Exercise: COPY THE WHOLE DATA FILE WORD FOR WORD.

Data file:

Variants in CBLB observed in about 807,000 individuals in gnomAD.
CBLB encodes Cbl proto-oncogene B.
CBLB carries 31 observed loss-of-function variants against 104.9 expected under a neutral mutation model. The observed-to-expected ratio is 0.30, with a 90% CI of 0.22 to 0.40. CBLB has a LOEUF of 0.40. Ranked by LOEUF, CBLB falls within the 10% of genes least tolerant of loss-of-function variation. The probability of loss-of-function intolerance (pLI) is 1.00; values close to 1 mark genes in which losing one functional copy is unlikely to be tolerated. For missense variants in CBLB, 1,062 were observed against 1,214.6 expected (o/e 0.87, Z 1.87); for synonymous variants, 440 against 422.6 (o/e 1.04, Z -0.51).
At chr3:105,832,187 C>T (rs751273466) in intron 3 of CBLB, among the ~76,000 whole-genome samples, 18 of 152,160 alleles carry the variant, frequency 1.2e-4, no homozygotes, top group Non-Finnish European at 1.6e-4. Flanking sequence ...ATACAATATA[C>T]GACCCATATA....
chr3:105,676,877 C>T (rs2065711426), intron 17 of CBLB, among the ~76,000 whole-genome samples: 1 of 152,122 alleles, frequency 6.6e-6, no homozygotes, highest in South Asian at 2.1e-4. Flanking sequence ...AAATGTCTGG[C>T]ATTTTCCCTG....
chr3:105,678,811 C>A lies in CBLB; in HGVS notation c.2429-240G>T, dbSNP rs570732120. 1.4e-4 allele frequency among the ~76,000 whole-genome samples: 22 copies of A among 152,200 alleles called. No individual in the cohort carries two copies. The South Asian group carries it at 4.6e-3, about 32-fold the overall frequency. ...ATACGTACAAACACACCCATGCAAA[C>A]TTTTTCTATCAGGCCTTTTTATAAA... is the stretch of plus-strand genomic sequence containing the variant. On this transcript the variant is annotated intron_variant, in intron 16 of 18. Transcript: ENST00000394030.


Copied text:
Variants in CBLB observed in about 807,000 individuals in gnomAD.
CBLB encodes Cbl proto-oncogene B.
CBLB carries 31 observed loss-of-function variants against 104.9 expected under a neutral mutation model. The observed-to-expected ratio is 0.30, with a 90% CI of 0.22 to 0.40. CBLB has a LOEUF of 0.40. Ranked by LOEUF, CBLB falls within the 10% of genes least tolerant of loss-of-function variation. The probability of loss-of-function intolerance (pLI) is 1.00; values close to 1 mark genes in which losing one functional copy is unlikely to be tolerated. For missense variants in CBLB, 1,062 were observed against 1,214.6 expected (o/e 0.87, Z 1.87); for synonymous variants, 440 against 422.6 (o/e 1.04, Z -0.51).
At chr3:105,832,187 C>T (rs751273466) in intron 3 of CBLB, among the ~76,000 whole-genome samples, 18 of 152,160 alleles carry the variant, frequency 1.2e-4, no homozygotes, top group Non-Finnish European at 1.6e-4. Flanking sequence ...ATACAATATA[C>T]GACCCATATA....
chr3:105,676,877 C>T (rs2065711426), intron 17 of CBLB, among the ~76,000 whole-genome samples: 1 of 152,122 alleles, frequency 6.6e-6, no homozygotes, highest in South Asian at 2.1e-4. Flanking sequence ...AAATGTCTGG[C>T]ATTTTCCCTG....
chr3:105,678,811 C>A lies in CBLB; in HGVS notation c.2429-240G>T, dbSNP rs570732120. 1.4e-4 allele frequency among the ~76,000 whole-genome samples: 22 copies of A among 152,200 alleles called. No individual in the cohort carries two copies. The South Asian group carries it at 4.6e-3, about 32-fold the overall frequency. ...ATACGTACAAACACACCCATGCAAA[C>A]TTTTTCTATCAGGCCTTTTTATAAA... is the stretch of plus-strand genomic sequence containing the variant. On this transcript the variant is annotated intron_variant, in intron 16 of 18. Transcript: ENST00000394030.